Size-exclusion chromatography and non-denaturing gel electrophoresis

Size-exclusion chromatography (SEC) was carried out on a Superdex-200 column (Amersham Biosciences, Uppsala, Sweden) equilibrated in water/HCl, pH 2.0, containing 250 mmol/L NaCl, and connected to a Shimadzu LC-10AD HPLC system (Shimadzu Scientific Instruments, Columbia, MD, USA). Aliquots (300 μg protein) of HEWL were applied onto the column and elution was monitored by absorption at 280 nm. Non-denaturing agarose electrophoresis was carried out in 25 × 18 cm horizontal 0.8% agarose gels. The running buffer used was 50 mmol/L Tris–HCl, pH 7.5, containing 384 mmol/L glycine. As expected due to its high-isoelectric point, lysozyme migrates to the negative pole. Protein bands were visualized by Coomassie Brilliant Blue staining.

Immunoblot analysis of HEWL oligomers

Dot immunoblot analysis was carried out to investigate the reactivity of the anti-oligomer A11 antibody (Chemicon) against HEWL soluble oligomers. To this end, 1.4 and 14 μg aliquots from HEWL samples aggregated for 0, 24, or 96 h were spotted onto nitrocellulose membranes and air dried for 60 min. Membranes were blocked for 2 h with 5% non-fat milk in Tris-buffered saline–Tween 20 (TBS–T; 10 mmol/L Tris, pH 7.2, 150 mmol/L NaCl, and 0.1% Tween 20) and incubated with A11 antibody (1 : 2000 dilution) for 4 h at 23°C. Following three 10 min washes with TBS–T, the membranes were probed with horseradish peroxidase-conjugated anti-rabbit IgG secondary antibody and dots were visualized with the ECL Plus chemiluminescence assay (Amersham Biosciences).

Neuronal cultures and neurotoxicity assays

Timed pregnant female Sprague–Dawley rats were used. Cerebral cortices from 15-day-old embryos were dissected and cultured as previously described (De Felice et al. 2004b). Briefly, the brains were removed and placed in a petri dish containing phosphate-buffered saline (PBS) -glucose solution. The cortices were dissected and, after stripping away the meninges, neurons were gently mechanically dissociated in PBS-glucose, centrifuged at 4°C for 4 min at 1000 g, and resuspended in Neurobasal medium supplemented with B27. Dissociated cells were plated on poly lysine-treated plates at a density of 1000–1500 cells/mm2 and were incubated at 37°C in a humidified atmosphere of 5% CO2.

Hen egg white lysozyme monomers, oligomers, or fibrils (prepared at pH 2, as described above, and derived from a single HEWL stock solution) were added to the cultures after 5 days in vitro and were kept in the medium for 48 h. Aliquots from the 1 mmol/L HEWL preparations were 50- or 200-fold diluted in culture medium (resulting in final concentrations of 20 or 5 μmol/L HEWL, respectively, as described in Results). Control measurements showed that addition of HEWL preparations at pH 2 or of the corresponding low amounts of vehicle (H2O/HCl at pH 2) alone caused no changes in the pH of the buffered culture medium (data not shown). For investigation of Aβ42 toxicity, the lyophilized Aβ42 was dissolved in a 50% solution of trifluoroethanol in water, and aliquots were directly added from this 2 mmol/L stock solution to the culture medium (100-fold dilution, resulting in a final Aβ42 concentration of 20 μmol/L).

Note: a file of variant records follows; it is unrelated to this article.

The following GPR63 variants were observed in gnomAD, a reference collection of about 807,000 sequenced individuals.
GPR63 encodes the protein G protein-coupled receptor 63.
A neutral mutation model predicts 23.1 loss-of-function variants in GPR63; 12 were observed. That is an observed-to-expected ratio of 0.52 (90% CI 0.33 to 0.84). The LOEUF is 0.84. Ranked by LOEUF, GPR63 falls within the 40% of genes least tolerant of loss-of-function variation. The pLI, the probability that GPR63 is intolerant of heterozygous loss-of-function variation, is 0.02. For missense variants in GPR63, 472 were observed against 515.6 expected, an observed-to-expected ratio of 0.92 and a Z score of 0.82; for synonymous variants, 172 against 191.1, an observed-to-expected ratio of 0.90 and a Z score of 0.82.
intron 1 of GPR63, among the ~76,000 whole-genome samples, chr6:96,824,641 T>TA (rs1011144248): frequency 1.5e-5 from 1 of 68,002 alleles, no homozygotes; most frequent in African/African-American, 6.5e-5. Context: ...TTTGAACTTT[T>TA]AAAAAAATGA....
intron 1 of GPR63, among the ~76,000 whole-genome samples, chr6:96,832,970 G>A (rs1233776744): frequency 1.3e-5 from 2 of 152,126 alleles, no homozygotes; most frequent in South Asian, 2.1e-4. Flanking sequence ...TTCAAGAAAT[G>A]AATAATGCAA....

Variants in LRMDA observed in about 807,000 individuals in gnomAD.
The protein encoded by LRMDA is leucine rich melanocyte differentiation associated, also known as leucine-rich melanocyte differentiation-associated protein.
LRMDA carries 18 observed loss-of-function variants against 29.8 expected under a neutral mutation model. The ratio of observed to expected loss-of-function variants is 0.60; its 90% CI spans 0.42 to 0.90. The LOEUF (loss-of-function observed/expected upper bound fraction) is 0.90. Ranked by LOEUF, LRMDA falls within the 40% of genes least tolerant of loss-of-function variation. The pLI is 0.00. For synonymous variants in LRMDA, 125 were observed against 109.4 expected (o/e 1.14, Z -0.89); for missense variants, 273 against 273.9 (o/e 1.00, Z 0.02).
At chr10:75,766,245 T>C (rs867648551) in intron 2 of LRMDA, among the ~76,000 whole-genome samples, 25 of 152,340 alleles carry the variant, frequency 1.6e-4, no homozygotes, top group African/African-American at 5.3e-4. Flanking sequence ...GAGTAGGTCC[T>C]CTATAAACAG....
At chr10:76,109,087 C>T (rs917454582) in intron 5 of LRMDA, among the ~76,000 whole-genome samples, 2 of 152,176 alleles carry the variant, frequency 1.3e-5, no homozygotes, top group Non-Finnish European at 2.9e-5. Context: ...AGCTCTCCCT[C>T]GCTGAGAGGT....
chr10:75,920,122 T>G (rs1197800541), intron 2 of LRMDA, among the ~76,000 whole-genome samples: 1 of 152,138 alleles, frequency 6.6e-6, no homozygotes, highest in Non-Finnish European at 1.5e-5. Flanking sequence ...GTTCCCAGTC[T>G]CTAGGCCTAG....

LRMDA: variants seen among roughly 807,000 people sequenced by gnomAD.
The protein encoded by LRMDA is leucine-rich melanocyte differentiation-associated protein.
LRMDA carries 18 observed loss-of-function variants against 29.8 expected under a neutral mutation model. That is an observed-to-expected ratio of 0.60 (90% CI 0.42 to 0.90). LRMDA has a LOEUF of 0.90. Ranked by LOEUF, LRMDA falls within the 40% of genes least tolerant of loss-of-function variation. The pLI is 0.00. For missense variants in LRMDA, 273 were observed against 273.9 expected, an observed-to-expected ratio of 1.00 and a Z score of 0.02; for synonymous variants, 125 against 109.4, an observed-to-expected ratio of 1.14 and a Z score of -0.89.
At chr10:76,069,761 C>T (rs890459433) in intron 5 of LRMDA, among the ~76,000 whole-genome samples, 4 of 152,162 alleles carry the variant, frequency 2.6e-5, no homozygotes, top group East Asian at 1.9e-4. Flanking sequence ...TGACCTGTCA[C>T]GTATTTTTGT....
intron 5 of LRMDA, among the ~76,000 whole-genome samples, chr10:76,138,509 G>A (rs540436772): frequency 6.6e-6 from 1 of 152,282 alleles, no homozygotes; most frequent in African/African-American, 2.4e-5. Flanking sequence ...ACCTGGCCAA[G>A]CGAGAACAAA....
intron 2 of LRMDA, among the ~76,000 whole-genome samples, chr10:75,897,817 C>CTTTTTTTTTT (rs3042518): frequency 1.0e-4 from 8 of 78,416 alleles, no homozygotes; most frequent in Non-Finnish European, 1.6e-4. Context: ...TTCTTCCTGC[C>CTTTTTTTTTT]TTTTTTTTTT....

Cell viabilities were assessed using the Live/Dead assay (Molecular Probes) following manufacturer’s instructions. Randomly chosen fields were examined and counted in a Nikon Eclipse TE300 microscope (Nikon, Kanagawa, Japan). Five different fields (∼200 cells per field) were examined per well and two cultures were used per experimental condition. For the MTT assay, cultures were incubated for 4 h in the presence of 0.5 mg/mL MTT. One hundred microliters of cell lysis buffer [10% sodium dodecyl sulfate (SDS) and 0.01 mol/L HCl] were then added to each well and the samples were incubated overnight at 37°C in a humidified incubator. Absorption was measured at 540 nm in a plate reader. Three independent experiments (each with duplicate wells per experimental condition) were carried out with different neuronal cultures. Cell culture solutions were prepared and kept at all times under sterile conditions. For both Live/Dead and MTT assays, statistical significances of differences between vehicle-treated cultures and other experimental conditions were evaluated by t-test analysis (one-tailed) and corresponding p-values are indicated in the legend to Fig. 3.

image